In today’s podcast, we discuss copyright issues, specifically the distinctions – practical and legal – between “inline” or “hot” or “embedded” links and downloaded images. This comes up usually in the context of using video, but the principles should apply to any uses of images on websites, blogs, twitter, Facebook and other social media.
I am joined today by my colleague Thomas Yarnell.
In a series of cases starting around 2002 (a case called Kelly v. ArribaSoft) and accelerating in 2007 (a series of cases involving Google and Amazon and a photography database called “Perfect 10”), web hosting companies, search engines and sites like Amazon were accused of copyright infringement when they used thumbnail images of copyrighted works for their search or catalog results. So for example, Google Images routinely shows images from copyrighted works in search results. Google (based on the Kelly case and subsequent caselaw) argued that the use of the images was a “fair use”, in that the search engine’s cataloguing of images was a “transformative” type of use that should be protected under copyright’s fair use doctrine.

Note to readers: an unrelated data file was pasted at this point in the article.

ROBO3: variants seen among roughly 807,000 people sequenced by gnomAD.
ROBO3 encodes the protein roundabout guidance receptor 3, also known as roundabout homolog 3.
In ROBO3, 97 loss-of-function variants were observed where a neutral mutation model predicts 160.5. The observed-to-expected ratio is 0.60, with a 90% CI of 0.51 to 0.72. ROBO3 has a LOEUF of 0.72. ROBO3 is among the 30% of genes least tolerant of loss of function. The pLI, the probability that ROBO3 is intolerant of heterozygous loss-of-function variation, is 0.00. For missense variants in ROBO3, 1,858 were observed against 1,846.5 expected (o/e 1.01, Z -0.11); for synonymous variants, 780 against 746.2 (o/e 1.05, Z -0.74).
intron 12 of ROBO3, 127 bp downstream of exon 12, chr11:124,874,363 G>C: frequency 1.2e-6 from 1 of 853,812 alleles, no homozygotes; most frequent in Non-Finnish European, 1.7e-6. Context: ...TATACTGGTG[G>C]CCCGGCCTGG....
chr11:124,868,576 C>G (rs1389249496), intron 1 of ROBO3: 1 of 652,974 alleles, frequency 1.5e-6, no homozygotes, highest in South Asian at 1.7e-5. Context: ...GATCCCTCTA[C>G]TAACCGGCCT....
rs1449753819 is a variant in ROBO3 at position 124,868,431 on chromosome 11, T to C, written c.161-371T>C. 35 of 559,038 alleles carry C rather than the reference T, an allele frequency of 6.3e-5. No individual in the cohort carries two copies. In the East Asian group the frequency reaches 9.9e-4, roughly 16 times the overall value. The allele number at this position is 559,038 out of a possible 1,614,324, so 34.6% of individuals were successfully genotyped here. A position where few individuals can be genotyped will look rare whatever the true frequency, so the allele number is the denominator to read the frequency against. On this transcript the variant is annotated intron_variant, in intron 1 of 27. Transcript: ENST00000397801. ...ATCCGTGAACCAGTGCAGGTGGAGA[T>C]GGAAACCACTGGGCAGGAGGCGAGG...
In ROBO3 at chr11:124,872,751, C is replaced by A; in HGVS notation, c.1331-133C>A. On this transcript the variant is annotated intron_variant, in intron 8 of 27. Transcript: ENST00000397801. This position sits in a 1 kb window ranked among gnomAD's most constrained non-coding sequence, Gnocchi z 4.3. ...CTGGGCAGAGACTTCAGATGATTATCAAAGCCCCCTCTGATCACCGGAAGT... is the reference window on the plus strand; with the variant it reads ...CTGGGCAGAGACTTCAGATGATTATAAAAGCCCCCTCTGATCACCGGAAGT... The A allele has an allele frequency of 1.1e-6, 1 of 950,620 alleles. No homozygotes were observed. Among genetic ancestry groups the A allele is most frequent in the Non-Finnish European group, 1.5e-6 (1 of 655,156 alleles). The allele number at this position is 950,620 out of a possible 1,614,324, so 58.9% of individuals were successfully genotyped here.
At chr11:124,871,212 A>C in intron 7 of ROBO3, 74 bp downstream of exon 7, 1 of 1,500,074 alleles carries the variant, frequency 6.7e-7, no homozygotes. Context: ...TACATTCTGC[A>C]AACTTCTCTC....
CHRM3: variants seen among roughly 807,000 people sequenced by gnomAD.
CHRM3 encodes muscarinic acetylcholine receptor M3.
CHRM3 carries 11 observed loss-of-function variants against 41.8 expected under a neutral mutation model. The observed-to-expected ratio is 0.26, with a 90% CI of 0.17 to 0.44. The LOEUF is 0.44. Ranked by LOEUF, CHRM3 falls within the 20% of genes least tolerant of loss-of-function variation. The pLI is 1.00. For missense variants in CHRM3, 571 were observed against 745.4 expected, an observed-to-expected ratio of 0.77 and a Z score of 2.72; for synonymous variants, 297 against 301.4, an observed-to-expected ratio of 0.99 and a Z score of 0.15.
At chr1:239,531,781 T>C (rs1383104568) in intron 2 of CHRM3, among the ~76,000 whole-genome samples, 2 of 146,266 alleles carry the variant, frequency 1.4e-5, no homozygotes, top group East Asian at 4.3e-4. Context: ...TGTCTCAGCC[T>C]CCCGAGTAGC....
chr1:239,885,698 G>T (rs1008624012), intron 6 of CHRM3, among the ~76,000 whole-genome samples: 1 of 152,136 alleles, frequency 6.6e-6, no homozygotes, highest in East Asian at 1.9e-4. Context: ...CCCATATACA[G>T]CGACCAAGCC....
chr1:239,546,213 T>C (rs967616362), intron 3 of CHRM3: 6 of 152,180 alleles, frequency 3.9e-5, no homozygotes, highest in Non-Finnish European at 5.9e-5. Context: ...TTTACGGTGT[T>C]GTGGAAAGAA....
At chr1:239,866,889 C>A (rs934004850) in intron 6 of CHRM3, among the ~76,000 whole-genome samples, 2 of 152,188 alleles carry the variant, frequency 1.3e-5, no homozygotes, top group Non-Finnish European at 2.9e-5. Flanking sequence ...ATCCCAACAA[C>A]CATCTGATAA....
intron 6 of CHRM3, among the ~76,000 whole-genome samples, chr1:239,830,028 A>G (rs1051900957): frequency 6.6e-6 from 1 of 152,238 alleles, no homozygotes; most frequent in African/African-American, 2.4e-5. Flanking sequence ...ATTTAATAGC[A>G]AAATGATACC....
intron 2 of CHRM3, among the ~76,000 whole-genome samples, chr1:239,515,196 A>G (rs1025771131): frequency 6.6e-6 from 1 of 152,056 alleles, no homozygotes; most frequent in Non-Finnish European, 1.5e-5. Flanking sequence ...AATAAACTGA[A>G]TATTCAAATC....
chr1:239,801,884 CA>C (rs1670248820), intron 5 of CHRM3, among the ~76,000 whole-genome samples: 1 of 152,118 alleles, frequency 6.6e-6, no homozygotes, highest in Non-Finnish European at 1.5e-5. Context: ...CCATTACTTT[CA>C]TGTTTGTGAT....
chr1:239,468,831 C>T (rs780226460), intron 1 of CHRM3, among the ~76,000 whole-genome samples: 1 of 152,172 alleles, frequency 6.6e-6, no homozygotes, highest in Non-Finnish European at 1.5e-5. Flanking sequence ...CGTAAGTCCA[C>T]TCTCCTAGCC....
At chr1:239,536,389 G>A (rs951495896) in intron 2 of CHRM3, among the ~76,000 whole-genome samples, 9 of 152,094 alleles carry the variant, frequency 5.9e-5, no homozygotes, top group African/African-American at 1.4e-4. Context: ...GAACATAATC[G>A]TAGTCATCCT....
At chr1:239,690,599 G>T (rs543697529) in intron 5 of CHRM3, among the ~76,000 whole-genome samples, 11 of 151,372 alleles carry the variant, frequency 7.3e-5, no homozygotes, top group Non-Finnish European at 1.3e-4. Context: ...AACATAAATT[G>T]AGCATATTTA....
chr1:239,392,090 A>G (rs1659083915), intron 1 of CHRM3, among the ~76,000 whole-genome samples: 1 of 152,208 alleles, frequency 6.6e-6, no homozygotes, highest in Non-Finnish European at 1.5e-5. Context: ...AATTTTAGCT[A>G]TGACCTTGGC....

In the more recent cases involving Perfect 10, Google (and Amazon) were initially successful in arguing that their use of copyrighted images wasn’t copyright infringement at all – making a fair use defense unnecessary. Those cases were appealed and reversed, but only partially. The big point that was upheld was that a search web user’s (Google, Amazon, or anybody else for that matter) embedding of inline links would not constitute direct copyright infringement.
Please click the audio player below for the podcast.